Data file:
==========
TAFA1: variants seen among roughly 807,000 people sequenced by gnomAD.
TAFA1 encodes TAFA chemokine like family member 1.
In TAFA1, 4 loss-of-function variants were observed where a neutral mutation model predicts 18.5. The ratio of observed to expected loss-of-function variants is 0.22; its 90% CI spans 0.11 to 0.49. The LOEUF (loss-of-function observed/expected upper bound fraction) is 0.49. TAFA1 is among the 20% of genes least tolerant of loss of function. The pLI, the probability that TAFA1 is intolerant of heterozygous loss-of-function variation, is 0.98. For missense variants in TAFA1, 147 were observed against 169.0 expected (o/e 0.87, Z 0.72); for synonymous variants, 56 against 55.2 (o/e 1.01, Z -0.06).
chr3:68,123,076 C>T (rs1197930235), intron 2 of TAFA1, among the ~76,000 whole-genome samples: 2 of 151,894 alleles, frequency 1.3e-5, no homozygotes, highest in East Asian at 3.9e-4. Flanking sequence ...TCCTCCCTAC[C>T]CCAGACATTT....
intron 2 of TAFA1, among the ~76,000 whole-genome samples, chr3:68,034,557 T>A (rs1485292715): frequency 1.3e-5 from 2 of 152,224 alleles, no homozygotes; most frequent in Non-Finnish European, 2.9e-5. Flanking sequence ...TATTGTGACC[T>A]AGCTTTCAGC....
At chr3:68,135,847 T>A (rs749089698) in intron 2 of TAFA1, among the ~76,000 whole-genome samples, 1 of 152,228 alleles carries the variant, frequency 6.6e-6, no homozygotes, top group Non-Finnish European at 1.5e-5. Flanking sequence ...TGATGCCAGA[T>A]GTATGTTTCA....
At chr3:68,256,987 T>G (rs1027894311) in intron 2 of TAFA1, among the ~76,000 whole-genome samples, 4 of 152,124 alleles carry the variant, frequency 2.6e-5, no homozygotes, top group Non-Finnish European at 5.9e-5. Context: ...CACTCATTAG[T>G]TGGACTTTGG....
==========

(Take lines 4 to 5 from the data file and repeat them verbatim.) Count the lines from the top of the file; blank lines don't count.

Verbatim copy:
chr3:68,123,076 C>T (rs1197930235), intron 2 of TAFA1, among the ~76,000 whole-genome samples: 2 of 151,894 alleles, frequency 1.3e-5, no homozygotes, highest in East Asian at 3.9e-4. Flanking sequence ...TCCTCCCTAC[C>T]CCAGACATTT....
intron 2 of TAFA1, among the ~76,000 whole-genome samples, chr3:68,034,557 T>A (rs1485292715): frequency 1.3e-5 from 2 of 152,224 alleles, no homozygotes; most frequent in Non-Finnish European, 2.9e-5. Flanking sequence ...TATTGTGACC[T>A]AGCTTTCAGC....